Wednesday, April 11, 2007

Railroading Alleged Rapists Bad, Railroading Alleged Rape Victims Good

Or at least that's the message being sent on various blogs which are anticipating that the North Carolina Attorney General's office will drop all charges against the 3 defendants when it announces the result of their office's review of the Duke Rape case.

It's no longer surprising to me that all that talk last year about innocent until proven guilty and the need for due process for the Duke lacrosse players and the demand that the offensive email from a lacrosse player about skinning women at the next party be seen as saying nothing about the sender's character or potential guilt magically disappears.

We were supposed to see these men in the best possible light and ignore their troubling behavior which wasn't disputed until the case was closed, but we are supposed to assume the worst about this alleged victim and label her a proven criminal.

If the charges are dropped because the AG's office doesn't believe it can prove the charges beyond a reasonable doubt that doesn't mean that the alleged victim told even a single lie. One of the issues in this case is identification. If the AG's office believes that the only reasonable doubt is in that area, it could still be enough to end this case.

Not being able to prove a specific crime was committed by a specific person doesn't mean that the crime never happened. Yet those who yelled "Hoax!" from the day this story broke are acting as if that's exactly what it means.

It will be interesting to see if these bloggers continue to be interested in defendant rights even when the defendants aren't white or college sports players. Based on the reactions I've read regarding another, more recent rape allegation near the Duke campus I have little reason to have any faith in the Duke "hoax" bloggers declared belief regarding how all rape defendants should be treated.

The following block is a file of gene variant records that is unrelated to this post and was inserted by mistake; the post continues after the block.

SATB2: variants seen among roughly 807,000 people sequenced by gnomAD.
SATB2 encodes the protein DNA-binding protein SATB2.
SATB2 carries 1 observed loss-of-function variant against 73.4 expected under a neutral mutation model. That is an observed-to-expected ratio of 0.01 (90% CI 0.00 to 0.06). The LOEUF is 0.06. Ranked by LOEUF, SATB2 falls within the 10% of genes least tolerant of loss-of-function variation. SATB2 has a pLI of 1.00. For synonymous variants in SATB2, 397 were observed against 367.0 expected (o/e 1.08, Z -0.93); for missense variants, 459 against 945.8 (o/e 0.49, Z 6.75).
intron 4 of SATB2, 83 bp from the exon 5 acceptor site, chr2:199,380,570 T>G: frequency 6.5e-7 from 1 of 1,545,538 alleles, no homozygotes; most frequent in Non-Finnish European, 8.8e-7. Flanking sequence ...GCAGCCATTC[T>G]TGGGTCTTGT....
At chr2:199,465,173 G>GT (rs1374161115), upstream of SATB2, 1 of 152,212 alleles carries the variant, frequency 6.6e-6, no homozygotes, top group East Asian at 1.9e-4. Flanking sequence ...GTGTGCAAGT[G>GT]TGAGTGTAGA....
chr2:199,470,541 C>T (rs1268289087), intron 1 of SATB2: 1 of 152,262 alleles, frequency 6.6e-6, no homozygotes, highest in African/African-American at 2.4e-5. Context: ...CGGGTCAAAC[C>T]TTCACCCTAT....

Post-press conference update: I watched the AG statement about what their office believes regarding this case. The weaknesses in this case came down to inconsistancies in the evidence and the fact that the pictures in the line up only included lacrosse players. The legal case against the Duke lacrosse players is closed.

There was a mention of "normal" inconsistancies in rape cases with the statement that the inconsistancies in this case are outside the range of what they consider normal. Since some of the evidence inconsistancies depend on timestamps, and since if I look around the room I'm sitting in and see 4 different times, I can't consider timestamps and reported times to be more than estimates.

Many spam comments have come in and been deleted because they conflate this prosecutor's belief with legal proof. When Nifong publicly stated his beliefs about the validity of this case, many people who considered the case a hoax made it clear that what a prosecutor believes should never be confused with legal proof of what happened and who committed a crime.

Yet again another concept is applied selectively.

While the Duke "hoax" bloggers have been going on and on about how the legal system doesn't work for the Duke lacrosse team including comparing them to the 1931 Scottsboro case, this press conference actually shows that our legal system worked quite well for these men. None of them went to trial and none of them were convicted. The railroading hype was just that in this case: defense team hype.